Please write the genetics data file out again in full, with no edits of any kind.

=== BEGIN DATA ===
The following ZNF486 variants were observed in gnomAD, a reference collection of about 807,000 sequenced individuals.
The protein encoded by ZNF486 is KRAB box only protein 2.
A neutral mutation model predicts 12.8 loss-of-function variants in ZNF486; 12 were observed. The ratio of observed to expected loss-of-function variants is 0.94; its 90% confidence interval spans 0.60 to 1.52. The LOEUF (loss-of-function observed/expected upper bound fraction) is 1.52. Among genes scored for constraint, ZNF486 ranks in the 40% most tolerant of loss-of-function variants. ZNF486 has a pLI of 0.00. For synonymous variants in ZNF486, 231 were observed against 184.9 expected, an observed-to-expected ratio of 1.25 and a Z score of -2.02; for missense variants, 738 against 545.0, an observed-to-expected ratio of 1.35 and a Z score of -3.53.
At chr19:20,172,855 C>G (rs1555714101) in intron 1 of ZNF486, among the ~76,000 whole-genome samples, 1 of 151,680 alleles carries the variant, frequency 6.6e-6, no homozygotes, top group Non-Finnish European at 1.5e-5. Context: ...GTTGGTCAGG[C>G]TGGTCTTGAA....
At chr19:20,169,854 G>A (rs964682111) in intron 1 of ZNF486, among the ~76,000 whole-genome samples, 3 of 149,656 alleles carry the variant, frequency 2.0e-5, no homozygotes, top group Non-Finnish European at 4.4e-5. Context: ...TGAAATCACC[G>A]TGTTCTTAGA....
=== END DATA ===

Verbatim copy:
The following ZNF486 variants were observed in gnomAD, a reference collection of about 807,000 sequenced individuals.
The protein encoded by ZNF486 is KRAB box only protein 2.
A neutral mutation model predicts 12.8 loss-of-function variants in ZNF486; 12 were observed. The ratio of observed to expected loss-of-function variants is 0.94; its 90% confidence interval spans 0.60 to 1.52. The LOEUF (loss-of-function observed/expected upper bound fraction) is 1.52. Among genes scored for constraint, ZNF486 ranks in the 40% most tolerant of loss-of-function variants. ZNF486 has a pLI of 0.00. For synonymous variants in ZNF486, 231 were observed against 184.9 expected, an observed-to-expected ratio of 1.25 and a Z score of -2.02; for missense variants, 738 against 545.0, an observed-to-expected ratio of 1.35 and a Z score of -3.53.
At chr19:20,172,855 C>G (rs1555714101) in intron 1 of ZNF486, among the ~76,000 whole-genome samples, 1 of 151,680 alleles carries the variant, frequency 6.6e-6, no homozygotes, top group Non-Finnish European at 1.5e-5. Context: ...GTTGGTCAGG[C>G]TGGTCTTGAA....
At chr19:20,169,854 G>A (rs964682111) in intron 1 of ZNF486, among the ~76,000 whole-genome samples, 3 of 149,656 alleles carry the variant, frequency 2.0e-5, no homozygotes, top group Non-Finnish European at 4.4e-5. Context: ...TGAAATCACC[G>A]TGTTCTTAGA....